How to Grieve Well: A Special Conversation

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podcast banner How to Grieve Well: A Special Conversation

How to Grieve Well: A Special Conversation

What can we expect in the first moments of loss? How is it possible to grieve someone we may have never met? How can we best support people who are in mourning? In this special conversation, Kate speaks with Reverend Dr. Susan Dunlap about how our minds, bodies, and hearts respond to deep loss and the best practices for allowing ourselves space to grieve well.

Guest

Susan Dunlap

Susan Dunlap has been teaching at Duke Divinity School since 1995. She teaches in the area of pastoral care in times of grief and illness, as well as the integrative courses for the M.Div./M.S.W. program. She has published two books, Counseling Depressed Women and Caring Cultures: How Congregations Care for the Sick. She also serves as the chaplain at Urban Ministries of Durham. She is currently researching and writing on the topic, "The Religious Lives of People Living in Extreme Poverty." As an ordained Presbyterian minister she has been the pastor of churches in the Presbytery of Baltimore.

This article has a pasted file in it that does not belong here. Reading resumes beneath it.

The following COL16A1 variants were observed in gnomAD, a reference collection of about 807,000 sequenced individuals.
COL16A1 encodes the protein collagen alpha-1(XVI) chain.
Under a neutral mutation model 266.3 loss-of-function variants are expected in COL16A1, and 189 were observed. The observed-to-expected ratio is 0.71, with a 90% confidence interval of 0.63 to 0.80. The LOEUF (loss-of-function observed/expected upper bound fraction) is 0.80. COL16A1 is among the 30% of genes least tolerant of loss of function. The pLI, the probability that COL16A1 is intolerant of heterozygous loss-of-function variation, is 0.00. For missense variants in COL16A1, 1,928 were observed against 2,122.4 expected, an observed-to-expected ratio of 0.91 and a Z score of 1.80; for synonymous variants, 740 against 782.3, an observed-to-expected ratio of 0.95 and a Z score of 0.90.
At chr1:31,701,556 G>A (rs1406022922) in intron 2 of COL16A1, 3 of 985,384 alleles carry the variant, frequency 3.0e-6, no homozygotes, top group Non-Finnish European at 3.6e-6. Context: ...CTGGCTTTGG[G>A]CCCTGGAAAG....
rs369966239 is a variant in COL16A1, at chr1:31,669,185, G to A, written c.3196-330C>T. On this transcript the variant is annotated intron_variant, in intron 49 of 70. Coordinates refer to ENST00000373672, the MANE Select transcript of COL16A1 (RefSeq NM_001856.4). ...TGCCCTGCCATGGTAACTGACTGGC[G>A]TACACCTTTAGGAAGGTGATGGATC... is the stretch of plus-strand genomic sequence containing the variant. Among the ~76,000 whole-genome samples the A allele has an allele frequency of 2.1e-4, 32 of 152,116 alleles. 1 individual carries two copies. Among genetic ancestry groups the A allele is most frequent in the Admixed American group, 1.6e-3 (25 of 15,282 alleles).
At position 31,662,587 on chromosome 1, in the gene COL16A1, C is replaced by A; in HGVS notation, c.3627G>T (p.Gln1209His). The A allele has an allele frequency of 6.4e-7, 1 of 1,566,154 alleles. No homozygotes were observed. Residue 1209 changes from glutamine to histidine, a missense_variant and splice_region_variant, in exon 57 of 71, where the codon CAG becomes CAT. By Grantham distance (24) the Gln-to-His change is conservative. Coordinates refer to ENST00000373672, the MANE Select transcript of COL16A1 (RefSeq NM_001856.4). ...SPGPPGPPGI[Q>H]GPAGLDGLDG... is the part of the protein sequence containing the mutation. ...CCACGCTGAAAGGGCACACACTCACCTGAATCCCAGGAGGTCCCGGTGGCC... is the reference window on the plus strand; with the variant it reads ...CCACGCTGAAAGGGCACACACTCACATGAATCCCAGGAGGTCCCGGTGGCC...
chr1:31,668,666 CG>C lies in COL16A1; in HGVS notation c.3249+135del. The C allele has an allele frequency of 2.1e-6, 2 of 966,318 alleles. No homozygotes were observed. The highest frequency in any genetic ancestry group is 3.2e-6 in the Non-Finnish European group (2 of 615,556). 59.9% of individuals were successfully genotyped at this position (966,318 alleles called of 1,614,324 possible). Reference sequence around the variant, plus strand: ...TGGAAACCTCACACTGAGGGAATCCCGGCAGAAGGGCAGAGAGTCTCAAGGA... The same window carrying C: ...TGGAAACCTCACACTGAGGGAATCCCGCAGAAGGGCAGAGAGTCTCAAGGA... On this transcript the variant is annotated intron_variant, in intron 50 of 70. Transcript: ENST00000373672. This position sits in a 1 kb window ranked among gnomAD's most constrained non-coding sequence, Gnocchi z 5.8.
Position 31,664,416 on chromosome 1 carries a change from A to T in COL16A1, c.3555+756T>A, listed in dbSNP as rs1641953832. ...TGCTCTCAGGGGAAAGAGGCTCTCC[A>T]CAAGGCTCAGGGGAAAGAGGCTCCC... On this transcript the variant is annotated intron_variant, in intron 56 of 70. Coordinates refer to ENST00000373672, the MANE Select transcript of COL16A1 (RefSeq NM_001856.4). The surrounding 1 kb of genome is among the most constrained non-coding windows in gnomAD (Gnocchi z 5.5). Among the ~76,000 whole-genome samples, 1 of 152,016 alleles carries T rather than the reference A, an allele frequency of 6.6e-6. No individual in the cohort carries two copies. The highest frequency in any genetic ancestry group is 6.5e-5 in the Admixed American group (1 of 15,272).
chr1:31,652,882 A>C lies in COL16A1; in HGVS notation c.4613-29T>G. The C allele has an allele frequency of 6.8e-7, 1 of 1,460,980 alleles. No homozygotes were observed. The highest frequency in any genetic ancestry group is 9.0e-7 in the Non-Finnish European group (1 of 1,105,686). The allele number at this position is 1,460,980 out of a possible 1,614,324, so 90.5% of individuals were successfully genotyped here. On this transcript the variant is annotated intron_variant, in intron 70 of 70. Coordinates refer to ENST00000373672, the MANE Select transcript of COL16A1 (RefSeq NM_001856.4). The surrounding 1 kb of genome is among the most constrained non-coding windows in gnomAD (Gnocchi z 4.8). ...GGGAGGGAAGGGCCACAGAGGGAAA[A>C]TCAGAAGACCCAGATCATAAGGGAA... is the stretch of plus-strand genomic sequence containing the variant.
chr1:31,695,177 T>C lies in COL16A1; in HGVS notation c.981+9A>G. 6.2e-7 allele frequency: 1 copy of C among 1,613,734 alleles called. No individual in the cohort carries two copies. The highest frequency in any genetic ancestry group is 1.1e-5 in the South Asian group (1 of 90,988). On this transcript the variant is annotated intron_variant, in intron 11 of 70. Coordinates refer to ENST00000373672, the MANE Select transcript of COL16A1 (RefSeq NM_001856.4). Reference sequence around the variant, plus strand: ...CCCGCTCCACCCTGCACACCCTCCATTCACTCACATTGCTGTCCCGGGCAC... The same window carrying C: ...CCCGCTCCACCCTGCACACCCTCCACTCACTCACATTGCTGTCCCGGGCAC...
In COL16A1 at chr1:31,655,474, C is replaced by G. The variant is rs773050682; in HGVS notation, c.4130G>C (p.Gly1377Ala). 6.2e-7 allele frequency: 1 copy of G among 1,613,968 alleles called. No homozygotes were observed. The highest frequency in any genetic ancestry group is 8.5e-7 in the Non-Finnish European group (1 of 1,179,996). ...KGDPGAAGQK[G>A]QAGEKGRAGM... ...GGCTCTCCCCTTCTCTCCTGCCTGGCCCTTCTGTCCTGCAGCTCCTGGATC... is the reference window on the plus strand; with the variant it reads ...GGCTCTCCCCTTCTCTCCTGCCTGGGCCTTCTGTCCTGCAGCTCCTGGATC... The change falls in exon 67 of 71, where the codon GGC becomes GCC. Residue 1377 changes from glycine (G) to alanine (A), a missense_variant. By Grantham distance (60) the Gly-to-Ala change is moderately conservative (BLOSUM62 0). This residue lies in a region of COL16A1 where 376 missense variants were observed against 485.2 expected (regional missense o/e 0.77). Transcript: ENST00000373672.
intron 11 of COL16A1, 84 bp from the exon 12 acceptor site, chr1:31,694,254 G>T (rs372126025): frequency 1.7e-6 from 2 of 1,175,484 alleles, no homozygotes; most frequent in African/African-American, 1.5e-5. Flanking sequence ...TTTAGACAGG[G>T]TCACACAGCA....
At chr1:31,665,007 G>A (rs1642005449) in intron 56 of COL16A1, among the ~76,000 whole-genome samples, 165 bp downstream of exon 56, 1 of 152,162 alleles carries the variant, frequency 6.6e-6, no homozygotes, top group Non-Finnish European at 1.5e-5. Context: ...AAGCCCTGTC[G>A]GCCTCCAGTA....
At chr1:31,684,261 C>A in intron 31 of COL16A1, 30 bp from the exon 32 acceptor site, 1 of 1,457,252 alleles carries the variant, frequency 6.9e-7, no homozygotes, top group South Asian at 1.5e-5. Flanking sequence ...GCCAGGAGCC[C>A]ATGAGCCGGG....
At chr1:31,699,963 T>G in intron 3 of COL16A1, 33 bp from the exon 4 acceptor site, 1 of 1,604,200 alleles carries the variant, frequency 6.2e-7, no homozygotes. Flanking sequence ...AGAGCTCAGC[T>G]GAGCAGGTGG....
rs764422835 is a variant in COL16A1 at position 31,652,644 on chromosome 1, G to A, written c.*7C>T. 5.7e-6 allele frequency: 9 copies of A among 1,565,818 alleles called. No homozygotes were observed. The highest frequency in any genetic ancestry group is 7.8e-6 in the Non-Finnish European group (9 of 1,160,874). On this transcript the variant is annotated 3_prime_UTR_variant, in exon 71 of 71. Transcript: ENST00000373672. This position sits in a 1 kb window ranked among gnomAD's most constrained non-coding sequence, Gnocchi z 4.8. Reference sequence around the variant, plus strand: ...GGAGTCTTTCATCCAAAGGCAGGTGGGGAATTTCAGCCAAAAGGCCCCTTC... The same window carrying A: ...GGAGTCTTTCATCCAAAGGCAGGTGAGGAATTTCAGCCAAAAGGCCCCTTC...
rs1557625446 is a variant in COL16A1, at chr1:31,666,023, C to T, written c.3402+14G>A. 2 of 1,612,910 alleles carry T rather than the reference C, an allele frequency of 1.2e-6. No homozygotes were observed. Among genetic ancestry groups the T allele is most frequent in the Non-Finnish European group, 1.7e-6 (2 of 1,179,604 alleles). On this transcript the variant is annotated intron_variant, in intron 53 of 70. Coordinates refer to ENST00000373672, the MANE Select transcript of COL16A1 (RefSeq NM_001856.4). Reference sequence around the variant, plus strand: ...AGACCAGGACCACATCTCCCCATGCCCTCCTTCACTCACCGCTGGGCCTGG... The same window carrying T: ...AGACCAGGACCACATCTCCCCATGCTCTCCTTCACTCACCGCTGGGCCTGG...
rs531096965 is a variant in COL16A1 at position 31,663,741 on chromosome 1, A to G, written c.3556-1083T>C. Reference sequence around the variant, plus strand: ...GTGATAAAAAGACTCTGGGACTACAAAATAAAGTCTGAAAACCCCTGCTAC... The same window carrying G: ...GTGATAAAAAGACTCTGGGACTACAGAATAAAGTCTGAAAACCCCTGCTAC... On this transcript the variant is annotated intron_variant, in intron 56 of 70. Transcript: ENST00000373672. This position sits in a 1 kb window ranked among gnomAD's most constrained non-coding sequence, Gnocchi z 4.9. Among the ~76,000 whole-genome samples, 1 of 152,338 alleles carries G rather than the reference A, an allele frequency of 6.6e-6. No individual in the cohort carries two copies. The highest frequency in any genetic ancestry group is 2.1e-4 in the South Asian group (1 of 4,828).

Transcript

Kate Bowler:
Hello. My name is Kate Bowler and this is a very unusual thing for the Everything Happens Podcast, but I wanted to have this conversation right away, in the wake of something unspeakably awful. A dear friend to so many, Rachel Held Evans, passed away suddenly. She leaves behind Dan, her husband, and two beautiful little ones. She was the author of four books about her Christian faith, and she really was a giant among us, kind and supportive to so many who are marginalized, and so this week, grief is not hypothetical. It is fresh, and it feels bottomless. Even if you didn’t know Rachel, I hope this conversation about the first moments of grief can be helpful to you, too. I’ve asked a Duke professor and friend, Reverend Dr. Susan Dunlap, to speak with me, because Susan is also a pastor and chaplain who has spent her life writing about and serving people who are burdened by grief. Susan, I’m so grateful you’re with me today.